Fairest Lord Jesus

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I watched a show recently where contestants are left alone in very remote areas of the Arctic. They must harvest food, hunt without a gun, build their own shelter, and survive. They can ask to be picked up at any time and forfeit their chance at the prize. The last person remaining wins. 


It was fascinating to watch for many reasons, but one thing in particular stood out to me: how frequently contestants marvel at the incredible creation around them without any recognition of the Creator. Prayers to the marvelous starry skies, the forest gods, or even to the animals they hunted were more common than any mention of God as the creator of everything surrounding and sustaining them. At one point, a prayer was uttered to a dead squirrel by its hunter, who said, “Thank you for your life. Thank you for sacrificing for me” – the pinnacle of absurdity.


This kind of display is more common for many of us that we want to admit — maybe not prayers to squirrels (I hope!), but the temptation to elevate and worship creation over the Creator. It’s a tendency for all of us in this fallen world. A right understanding and appreciation for creation that leads to a deep reverence for and worship of the Creator is essential to the Christian faith. 


This seems to be the conviction at the heart of “Fairest Lord Jesus”, a 300-year-old German hymn sung for generations by the global Church. The author and his/her background is unknown, but we see biblical truths about creation and Creator that cannot be missed as we gather to sing this old hymn. Three things come to life as we consider the text of Fairest Lord Jesus:


1.    God delights in His creation. Think about that. In the very beginning, the Triune God created all things, and that creation brings him joy. We see this from the very first page of Scripture:


“..and God saw everything that He had made, and behold, it was very good.” – Genesis 1:31


Just as God delights in his creation, shouldn’t we pause to reflect on the goodness of the Creator?


2.    God reveals himself in his creation. Romans 1:20 tells us this when speaking of Jesus: 


“His invisible attributes, namely his eternal power and divine nature, have been clearly perceived, ever since the creation of the world, in the things that have been made.” 

The hymn’s numerous creation references (meadows, woodlands, spring, sunshine, moonlight, etc..) are all meant to point us to the goodness of Christ himself who, as the song reminds us, is the “ruler of all nature” and “our soul’s glory, joy and crown.” God is showing himself to us every day in the created world around us.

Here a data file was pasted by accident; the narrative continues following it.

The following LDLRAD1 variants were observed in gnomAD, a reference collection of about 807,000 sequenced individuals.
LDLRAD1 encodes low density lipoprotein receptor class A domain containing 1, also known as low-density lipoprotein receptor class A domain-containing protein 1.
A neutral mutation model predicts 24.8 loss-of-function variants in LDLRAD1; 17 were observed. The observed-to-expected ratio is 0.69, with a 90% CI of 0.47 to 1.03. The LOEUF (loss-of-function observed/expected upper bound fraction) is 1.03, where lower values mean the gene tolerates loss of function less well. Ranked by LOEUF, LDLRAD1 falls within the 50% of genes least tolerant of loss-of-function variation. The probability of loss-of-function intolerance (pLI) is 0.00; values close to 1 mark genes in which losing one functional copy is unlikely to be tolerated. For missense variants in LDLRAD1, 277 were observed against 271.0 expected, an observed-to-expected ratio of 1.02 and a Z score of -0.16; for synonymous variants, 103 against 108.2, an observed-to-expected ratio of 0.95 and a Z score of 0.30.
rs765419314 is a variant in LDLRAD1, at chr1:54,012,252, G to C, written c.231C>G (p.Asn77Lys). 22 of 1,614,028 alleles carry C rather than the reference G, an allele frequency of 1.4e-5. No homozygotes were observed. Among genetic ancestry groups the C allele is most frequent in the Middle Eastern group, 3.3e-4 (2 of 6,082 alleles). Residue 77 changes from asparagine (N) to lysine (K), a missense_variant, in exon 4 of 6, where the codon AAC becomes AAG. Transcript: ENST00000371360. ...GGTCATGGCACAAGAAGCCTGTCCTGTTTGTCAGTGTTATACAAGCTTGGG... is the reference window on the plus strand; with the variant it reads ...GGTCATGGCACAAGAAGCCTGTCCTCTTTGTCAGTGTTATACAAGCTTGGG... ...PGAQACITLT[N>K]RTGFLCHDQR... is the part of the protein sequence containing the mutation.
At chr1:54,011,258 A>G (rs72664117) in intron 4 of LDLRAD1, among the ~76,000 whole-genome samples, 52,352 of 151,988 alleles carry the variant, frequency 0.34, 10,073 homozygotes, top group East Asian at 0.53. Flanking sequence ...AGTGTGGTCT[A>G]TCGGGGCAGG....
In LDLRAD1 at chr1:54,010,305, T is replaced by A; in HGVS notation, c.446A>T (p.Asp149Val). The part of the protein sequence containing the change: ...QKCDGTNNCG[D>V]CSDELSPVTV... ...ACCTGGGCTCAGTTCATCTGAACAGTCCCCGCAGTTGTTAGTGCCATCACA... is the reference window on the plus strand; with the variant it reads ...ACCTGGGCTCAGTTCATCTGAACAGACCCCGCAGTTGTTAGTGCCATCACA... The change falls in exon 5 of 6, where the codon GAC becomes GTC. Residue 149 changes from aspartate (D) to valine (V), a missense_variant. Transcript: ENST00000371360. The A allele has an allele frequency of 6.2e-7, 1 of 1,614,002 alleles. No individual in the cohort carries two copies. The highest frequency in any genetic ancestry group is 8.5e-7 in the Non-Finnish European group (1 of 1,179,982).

Charles Spurgeon believed this deeply as he wrote,


“Some in these modern times have thought it to be a mark of high spirituality never to observe nature; and I remember sorrowfully reading the expressions of a godly person, who, in sailing down one of the most famous rivers in the world, closed his eyes, lest the picturesque beauties of the scene should divert his mind from scriptural topics. This may be regarded by some as profound spirituality; to me it seems to savor of absurdity. There may be persons who think they have grown in grace when they have attained to this; it seems to me that they are growing out of their senses. To despise the creating work of God, what is it but, in a measure, to despise God himself?”


3.    God is glorified in his creation. The Psalms are filled with references to God’s creation and how it points to the worship of its Creator. Psalm 19 – commended by C.S. Lewis as the world’s greatest literary work – begins with the skies above, saying, 


“The heavens declare the glory of God and the sky above proclaims his handiwork.” – Psalm 19:1


This is point of “Fairest Lord Jesus”, I believe – that the beauty surrounding us has one goal in our lives and that is to glorify Christ, leading us back to a heart of worship and awe for the One True God who created all things. We see this in the closing lyrics: 


Beautiful Savior, Lord of all the nations

Son of God and Son of Man

Glory and honor, praise, adoration

Now and forevermore be Thine


I’ll end here with another TV reference – one that took place long before I was born. 

Apollo 8 was the precursor to the moon-landing mission of Apollo 11. On Apollo 8, NASA astronauts orbited the moon for the first time in history; it was the farthest any humans had ever traveled from earth. As they looked back at the tiny planet they knew as home, preparing to film a live interview on global television, scripted remarks just couldn’t do justice to the beauty and vastness of what they were witnessing. So, as the camera went live, the crew of Apollo 8 began to read:


 “In the beginning, God created the heavens and the earth. The earth was without form and void, and darkness was over the face of the deep. And the Spirit of God was hovering over the face of the waters. And God said “Let there be light, and there was light. And God saw the light was good…” – Genesis 1:1-4


The overwhelming beauty of creation gave these men eyes to see the great power and sovereignty of the One who had created it. Our prayer is that when you listen to and sing “Fairest Lord Jesus”, you would delight in the creator God as you enjoy his creation – that you would have eyes open for God to show you his character and nature, and you would join the chorus of creation in glorifying the One who made it all.